This reduces the number of room nights sold by each hotel, and owners are upset because it’s more difficult to grow in a market when you’re competing against brands from your own company. It erodes the value provided by direct booking campaigns and loyalty programs, as well.

This is one major reason why Marriott and Hilton are looking to cut costs instead of streamline and consolidate their brands. The more hotel brands they franchise out, the more money they make regardless of the increased competition among the brands that hurts owners.

Rising Costs

Although not everyone agrees that it comes down to ownership issues. Hotels used to have meeting planners on staff to deal with the booking and planning of events; this process has become outsourced to a variety of third-party planners, venue sourcing organizations, and now a variety of online booking sites for small group events.

“The value chain swung from one side to the other, and a focus on cost became much more of a spotlight issue,” said Cindy Estis Green, CEO of Kalibri Labs, a hotel benchmarking firm. “Hotels have been paying more for the same business, there’s been a spike in costs for relatively flat group business.  They’re getting the same business and having to pay double or triple for it.”

In Estis Green’s estimation, tension has been building up in the ecosystem for more than five years.

Kalibri Labs recently released a report crunching the numbers on the costs hotel pay for group business. Its analysis found that larger hotels, which generate the most group business revenue, pay the largest cost as a percentage of group revenue for groups and meetings business.

Cost as a % of Group Room Revenue
Independent (200 rooms)7.80%
Medium/Small Chain (300 rooms)8.80%
Big Brand (500 rooms)16%

Source: Kalibri Labs

“Big hotels write the biggest checks,” said Estis Green.

The commission cuts are related to the cost of customer acquisition for a hotel’s group business; an abundance of factors, from planners and agents to city housing fees and overall technology costs, drive up the cost of a booking for hotels, and this has led the brands to cut costs.

Kalibri Labs suggests that the costs paid out to companies involved in group bookings could double for U.S. hotels by 2022.

Time to Negotiate

Agents have experience dealing with commission cuts, and Kerby expects agents to negotiate directly with hotels and find ways to increase their compensation from the 7 percent floor.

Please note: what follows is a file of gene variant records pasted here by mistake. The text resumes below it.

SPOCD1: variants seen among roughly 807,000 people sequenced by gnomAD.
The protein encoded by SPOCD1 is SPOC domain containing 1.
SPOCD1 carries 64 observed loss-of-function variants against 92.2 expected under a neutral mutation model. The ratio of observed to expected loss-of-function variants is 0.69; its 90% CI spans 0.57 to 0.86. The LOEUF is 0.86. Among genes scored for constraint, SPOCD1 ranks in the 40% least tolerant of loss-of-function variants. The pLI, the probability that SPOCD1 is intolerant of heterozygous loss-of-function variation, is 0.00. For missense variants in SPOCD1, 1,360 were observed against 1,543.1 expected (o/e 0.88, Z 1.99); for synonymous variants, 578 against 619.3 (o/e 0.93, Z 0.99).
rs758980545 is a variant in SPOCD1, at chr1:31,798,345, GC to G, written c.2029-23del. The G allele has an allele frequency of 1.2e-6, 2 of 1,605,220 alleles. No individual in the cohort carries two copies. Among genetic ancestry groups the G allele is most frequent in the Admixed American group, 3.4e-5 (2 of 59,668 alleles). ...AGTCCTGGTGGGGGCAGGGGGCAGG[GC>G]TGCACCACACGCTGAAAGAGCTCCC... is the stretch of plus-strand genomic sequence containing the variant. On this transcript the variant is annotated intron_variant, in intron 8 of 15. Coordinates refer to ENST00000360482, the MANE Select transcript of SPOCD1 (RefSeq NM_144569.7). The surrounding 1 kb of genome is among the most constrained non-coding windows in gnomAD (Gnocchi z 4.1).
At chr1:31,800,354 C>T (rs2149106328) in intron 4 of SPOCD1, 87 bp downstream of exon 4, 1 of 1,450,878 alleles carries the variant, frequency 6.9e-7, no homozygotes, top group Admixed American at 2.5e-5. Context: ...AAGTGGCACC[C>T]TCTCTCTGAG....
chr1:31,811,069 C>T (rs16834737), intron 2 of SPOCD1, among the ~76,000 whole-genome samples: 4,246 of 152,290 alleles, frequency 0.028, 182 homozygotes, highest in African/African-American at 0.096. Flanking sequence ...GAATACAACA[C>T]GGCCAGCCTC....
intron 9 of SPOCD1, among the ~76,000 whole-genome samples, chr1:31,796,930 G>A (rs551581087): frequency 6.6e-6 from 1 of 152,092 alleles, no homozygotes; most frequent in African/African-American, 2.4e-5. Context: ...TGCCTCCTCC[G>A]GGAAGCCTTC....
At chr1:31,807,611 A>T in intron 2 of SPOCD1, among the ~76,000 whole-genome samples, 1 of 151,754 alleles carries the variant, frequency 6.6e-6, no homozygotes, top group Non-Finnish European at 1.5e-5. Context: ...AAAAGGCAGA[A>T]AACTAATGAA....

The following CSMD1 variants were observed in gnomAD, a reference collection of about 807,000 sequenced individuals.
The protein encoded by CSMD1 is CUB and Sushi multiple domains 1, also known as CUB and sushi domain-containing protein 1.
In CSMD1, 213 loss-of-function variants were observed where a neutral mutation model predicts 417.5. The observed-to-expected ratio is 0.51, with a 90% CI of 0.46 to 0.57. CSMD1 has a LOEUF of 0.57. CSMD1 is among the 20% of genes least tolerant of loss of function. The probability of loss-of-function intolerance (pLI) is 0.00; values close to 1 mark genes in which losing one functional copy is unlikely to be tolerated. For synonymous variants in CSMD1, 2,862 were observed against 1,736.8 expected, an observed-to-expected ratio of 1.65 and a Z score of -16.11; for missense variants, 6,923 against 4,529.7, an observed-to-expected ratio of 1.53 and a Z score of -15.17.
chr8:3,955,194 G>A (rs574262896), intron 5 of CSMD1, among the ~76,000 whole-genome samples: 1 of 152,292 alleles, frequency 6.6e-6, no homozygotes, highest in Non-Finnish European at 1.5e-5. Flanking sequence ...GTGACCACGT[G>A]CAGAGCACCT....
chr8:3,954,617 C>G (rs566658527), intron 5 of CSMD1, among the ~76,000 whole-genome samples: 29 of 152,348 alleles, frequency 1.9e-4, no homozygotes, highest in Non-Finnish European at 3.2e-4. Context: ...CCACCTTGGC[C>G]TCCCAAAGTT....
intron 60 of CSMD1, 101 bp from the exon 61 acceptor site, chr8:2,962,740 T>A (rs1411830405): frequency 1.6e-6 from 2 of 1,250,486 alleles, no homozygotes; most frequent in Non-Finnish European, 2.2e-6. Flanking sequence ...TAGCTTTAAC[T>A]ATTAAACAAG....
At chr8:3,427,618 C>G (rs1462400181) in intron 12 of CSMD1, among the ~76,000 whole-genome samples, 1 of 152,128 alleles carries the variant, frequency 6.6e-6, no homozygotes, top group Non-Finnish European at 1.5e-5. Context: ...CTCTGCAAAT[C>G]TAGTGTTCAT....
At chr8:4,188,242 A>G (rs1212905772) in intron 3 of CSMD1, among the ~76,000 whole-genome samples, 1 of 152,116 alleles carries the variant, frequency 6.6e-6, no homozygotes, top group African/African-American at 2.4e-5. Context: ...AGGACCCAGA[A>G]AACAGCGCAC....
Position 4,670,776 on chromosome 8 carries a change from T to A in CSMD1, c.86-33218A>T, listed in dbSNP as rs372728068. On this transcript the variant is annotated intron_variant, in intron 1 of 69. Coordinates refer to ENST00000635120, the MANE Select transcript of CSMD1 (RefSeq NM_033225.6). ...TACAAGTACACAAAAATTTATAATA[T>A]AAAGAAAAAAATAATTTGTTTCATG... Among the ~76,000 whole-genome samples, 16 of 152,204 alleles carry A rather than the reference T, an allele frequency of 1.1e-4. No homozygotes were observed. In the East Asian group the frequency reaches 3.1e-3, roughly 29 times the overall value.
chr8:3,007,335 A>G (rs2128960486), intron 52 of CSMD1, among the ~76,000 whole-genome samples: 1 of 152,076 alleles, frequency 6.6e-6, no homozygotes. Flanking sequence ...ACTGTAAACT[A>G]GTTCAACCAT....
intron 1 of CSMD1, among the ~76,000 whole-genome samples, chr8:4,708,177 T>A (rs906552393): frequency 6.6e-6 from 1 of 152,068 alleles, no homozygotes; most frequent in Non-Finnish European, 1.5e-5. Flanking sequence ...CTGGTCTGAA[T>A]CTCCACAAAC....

“We don’t have to take 7 percent as an answer; the reality is that when offered the 7 percent, agents will push back on the hotel,” said Kerby. “The hotelier, most of these franchise owners, are in competitive markets so you can’t afford to be the one who isn’t going to pay a 10 percent commission.”

In the months since the Marriott announcement, many hotel chains have pledged to keep commissions at 10 percent or have in some cases even temporarily increased commissions to attract agents and planners.

Agents were unsuccessful in fighting back against airline commission cuts 20 years ago, but the extremely fragmented nature of the hotel industry means they and meeting planners who provide real value have a chance. Unlike five or so major airlines that had the market power to play hardball with travel agents, individual property owners that value group business may be willing to negotiate.

As the industry waits for the next major hotel chain to move in solidarity with Marriott and Hilton, it’s worth considering exactly how tensions between hotel chains and the people who sell their products have reached such a heightened state. Costs and fees have added up, and U.S. hotel chains are now ready to finally push back.

It will also be interesting to see how Marriott’s upcoming negotiations with both Expedia Group and Booking Holdings will fare as they look to further reduce its distribution costs. Marriott CEO Arne Sorenson has been talking tough on his desire to lower commission payments to online booking sites, so this cost-cutting strategy is likely to continue for some time.

Photo Credit: The Marriott Marquis hotel in Washington, D.C. Marriott International's commission cuts on group bookings are rippling across the travel industry. Andrew Harnik / Associated Press